“That cop at the intersection,” I said.

“I noticed him,” Rya said. “A goblin.”

I turned the rearview mirror so I could use it, and I saw that the traffic signal behind us had not yet changed. The police car was still waiting at the corner.

I said, “We’ve got to stop him.”

“The cop?”


“Stop him . . . from doing what?”

“From killing,” I said. “He’s going to kill someone.”

“They’re all going to kill someone,” she said. “That’s what they do.”

“No, I mean . . . tonight. He’s going to kill someone tonight.”

“You’re sure?”

“Soon. Very soon.”


“I don’t know. I don’t think he knows yet. But before long, within an hour or less, he’ll come upon . . . an opportunity. And he’ll seize it.”

Behind us, the traffic light winked yellow, blinked red. At the same time it changed to green in the other direction, so the police cruiser turned the corner, heading our way.

“Follow him,” I told Rya. “But for God’s sake, not too close. We mustn’t let him realize he’s under surveillance.”

“Slim, we’re here on a bigger mission than saving one life. We can’t risk it all just because—”

“We have to. If we let him drive away, knowing he’s going to kill an innocent person tonight . . .”

The cruiser passed us, eastbound on Duncannon.

Refusing to follow that car, Rya said, “Listen, stopping one murder is like trying to plug a huge hole in a dam with a piece of chewing gum. We’re better off laying low and doing our research, finding out how we can strike at the entire goblin network here—”

“Kitty Genovese,” I said.

Rya stared at me.

“Remember Kitty Genovese,” I said.

She blinked. She shivered. She sighed. She put the car in gear and reluctantly followed the cop.

Chapter twenty-three


He cruised through an outlying neighborhood of decrepit houses: ruptured sidewalks, swaybacked steps, broken porch railings, aged and weathered walls. If possessed of voices, they were structures that would groan, sigh bitterly, wheeze, cough, and feebly complain of time’s injustice.

We followed discreetly.

Earlier in the day, after signing the lease, we had bought tire chains at a Gulf station. The steel links clinked and clattered and, at higher speeds, sang shrilly. Now and then, the residue of winter crunched under our fortified tread.

The cop drove slowly past several closed businesses—a muffler shop, a tire store, an abandoned service station, a used bookstore—and shone the patrol car’s high-intensity spotlight along the darkened flanks of the buildings, searching for would-be burglars, no doubt, but scaring up nothing more than dervish shadows that whirled and leapt and were extinguished in the dazzling beam.

We stayed at least a block behind him, letting him turn corners and disappear from sight for long seconds, so he would not notice that it was always the same car following.

In time his path crossed that of a stranded motorist parked on the berm, against a snowbank, near the junction of East Duncannon Road and Apple Lane. The broken-down car was a four-year-old green Pontiac wearing a skirt of road grime, with short, blunt, muddy icicles hanging from sections of its rear bumper. It had New York State license plates, a detail which confirmed my feeling that this was where the cop would find his victim. After all, a far-traveler passing through Yontsdown would make safe and easy prey because no one could prove that he had disappeared in that city rather than elsewhere along his route.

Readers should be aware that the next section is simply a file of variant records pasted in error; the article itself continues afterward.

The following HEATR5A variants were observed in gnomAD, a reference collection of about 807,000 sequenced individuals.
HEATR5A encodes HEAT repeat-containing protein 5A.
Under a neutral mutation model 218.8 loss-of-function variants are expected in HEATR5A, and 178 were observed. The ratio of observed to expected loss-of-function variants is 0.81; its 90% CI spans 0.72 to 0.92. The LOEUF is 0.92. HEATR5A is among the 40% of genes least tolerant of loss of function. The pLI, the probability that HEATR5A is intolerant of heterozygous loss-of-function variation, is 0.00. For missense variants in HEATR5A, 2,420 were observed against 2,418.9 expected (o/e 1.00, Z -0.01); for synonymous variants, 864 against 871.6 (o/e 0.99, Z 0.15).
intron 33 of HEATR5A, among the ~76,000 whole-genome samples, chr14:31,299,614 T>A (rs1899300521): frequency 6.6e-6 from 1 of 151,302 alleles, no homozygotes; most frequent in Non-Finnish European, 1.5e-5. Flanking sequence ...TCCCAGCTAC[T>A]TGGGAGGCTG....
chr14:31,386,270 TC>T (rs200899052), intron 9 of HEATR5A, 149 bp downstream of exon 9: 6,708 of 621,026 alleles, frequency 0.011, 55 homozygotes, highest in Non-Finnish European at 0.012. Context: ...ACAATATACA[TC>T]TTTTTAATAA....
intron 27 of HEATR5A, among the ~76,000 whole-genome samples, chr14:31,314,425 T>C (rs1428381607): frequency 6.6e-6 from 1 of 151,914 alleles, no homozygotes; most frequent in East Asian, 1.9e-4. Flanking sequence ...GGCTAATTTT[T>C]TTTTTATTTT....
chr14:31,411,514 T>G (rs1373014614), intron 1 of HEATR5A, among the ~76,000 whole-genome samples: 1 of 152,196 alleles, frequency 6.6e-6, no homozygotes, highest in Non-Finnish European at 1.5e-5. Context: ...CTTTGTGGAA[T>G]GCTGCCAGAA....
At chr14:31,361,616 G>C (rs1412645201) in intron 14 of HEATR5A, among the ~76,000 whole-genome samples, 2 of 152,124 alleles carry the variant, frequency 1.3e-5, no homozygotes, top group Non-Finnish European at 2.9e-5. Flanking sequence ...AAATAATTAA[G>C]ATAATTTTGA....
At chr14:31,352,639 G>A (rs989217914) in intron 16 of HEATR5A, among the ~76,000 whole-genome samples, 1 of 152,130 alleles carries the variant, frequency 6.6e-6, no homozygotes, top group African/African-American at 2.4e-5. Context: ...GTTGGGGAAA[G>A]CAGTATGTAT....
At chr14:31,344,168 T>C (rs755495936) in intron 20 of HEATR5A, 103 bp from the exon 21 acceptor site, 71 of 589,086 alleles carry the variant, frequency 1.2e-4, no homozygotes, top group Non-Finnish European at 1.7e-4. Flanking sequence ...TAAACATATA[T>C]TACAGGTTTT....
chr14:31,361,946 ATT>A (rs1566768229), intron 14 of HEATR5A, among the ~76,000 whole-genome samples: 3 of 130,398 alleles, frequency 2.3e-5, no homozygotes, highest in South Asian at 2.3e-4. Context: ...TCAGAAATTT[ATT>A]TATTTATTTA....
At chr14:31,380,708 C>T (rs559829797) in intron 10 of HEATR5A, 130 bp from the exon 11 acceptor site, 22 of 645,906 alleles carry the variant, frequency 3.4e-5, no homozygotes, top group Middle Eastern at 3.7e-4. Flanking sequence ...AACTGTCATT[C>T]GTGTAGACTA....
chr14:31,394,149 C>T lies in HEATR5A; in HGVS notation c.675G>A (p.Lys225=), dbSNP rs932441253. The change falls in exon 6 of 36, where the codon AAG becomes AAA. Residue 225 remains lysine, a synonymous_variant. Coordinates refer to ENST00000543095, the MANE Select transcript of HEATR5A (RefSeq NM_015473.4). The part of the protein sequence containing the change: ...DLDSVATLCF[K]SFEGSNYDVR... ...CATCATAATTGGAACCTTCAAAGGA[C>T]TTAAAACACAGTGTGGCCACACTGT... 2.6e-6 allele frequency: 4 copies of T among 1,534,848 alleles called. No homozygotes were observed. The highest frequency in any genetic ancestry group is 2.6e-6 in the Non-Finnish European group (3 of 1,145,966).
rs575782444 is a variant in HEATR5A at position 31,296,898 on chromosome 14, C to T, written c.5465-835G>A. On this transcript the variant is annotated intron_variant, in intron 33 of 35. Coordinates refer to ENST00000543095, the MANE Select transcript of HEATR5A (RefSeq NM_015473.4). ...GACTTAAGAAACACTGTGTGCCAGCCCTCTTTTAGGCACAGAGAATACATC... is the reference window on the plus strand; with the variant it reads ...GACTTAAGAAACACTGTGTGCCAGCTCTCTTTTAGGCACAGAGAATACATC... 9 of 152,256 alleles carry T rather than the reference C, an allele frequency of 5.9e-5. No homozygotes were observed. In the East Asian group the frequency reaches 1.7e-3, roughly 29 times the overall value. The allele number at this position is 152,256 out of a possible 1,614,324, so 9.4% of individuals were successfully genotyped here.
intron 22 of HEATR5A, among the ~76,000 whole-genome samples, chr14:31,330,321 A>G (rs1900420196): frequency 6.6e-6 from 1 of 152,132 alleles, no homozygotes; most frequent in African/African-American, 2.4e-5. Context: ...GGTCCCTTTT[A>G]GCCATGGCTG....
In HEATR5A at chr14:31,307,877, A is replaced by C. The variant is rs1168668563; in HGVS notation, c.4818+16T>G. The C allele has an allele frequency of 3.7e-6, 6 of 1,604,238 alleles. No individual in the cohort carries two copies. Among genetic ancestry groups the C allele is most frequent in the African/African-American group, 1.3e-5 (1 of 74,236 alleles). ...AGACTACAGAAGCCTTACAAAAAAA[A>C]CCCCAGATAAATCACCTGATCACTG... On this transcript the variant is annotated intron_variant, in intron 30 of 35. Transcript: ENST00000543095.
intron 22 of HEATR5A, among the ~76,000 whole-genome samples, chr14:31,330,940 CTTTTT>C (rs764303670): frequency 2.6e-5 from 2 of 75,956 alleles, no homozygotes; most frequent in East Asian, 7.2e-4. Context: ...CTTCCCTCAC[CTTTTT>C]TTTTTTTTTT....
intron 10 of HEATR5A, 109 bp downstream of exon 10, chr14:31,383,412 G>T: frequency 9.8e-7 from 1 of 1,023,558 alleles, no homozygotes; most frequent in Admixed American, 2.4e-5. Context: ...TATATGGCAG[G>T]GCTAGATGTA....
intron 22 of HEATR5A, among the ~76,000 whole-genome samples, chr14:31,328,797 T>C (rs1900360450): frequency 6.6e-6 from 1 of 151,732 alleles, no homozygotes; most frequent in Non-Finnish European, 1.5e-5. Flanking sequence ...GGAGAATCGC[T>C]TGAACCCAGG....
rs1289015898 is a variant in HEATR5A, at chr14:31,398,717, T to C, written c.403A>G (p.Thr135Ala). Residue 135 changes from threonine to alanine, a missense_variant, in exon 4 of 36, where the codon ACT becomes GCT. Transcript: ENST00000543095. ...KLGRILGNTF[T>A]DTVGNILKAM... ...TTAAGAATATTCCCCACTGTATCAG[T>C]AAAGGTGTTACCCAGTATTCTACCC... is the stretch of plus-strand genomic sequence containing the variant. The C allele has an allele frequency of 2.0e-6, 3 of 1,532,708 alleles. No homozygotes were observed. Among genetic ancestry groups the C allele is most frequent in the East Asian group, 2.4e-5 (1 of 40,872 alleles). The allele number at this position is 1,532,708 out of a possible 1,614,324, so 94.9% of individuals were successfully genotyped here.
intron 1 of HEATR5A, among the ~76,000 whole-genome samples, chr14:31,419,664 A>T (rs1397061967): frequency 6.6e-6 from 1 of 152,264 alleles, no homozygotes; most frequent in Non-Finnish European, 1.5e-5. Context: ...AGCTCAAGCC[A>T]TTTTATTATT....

The patrol car pulled onto the berm and stopped behind the disabled Pontiac.

“Drive past,” I told Rya.

An attractive redhead, about thirty years old, wearing knee-high boots and jeans and a thigh-length gray plaid coat, was standing in front of the Pontiac, her breath pluming frostily in the freezing air. Having raised the hood, she was peering quizzically into the engine compartment. Although she had removed one of her gloves, she did not seem to know what to do with the pale hand that she had bared; she reached hesitantly toward something under the hood, then drew back in confusion.

Clearly hoping for assistance, she glanced at us as we slowed for the intersection.

Just for a fraction of a second I saw an eyeless skull where her face should have been. Its bony sockets seemed of great depth, bottomless.

I blinked.

To my Twilight Eyes, her mouth and nostrils appeared to be teeming with maggots.

I blinked again.

The vision passed, and so did we.

She would die tonight—unless we did something to help her.

A restaurant-bar occupied the corner of the next block, and it was the last lighted place before Duncannon Road rose into the coal-dark, tree-shrouded foothills that ringed three sides of Yontsdown. Rya swung our station wagon into the parking lot, tucked it beside a pickup truck with a camper shell, and cut the headlights. From that position, looking westward beneath the lowest bristly branches of a massive fir that marked the corner of the restaurant property, we had a view of the intersection of Duncannon and Apple Lane, a block back. There, the goblin patrolman was standing at the front of the Pontiac, beside the redhead in the plaid coat, by all outward signs a champion of the lady in distress.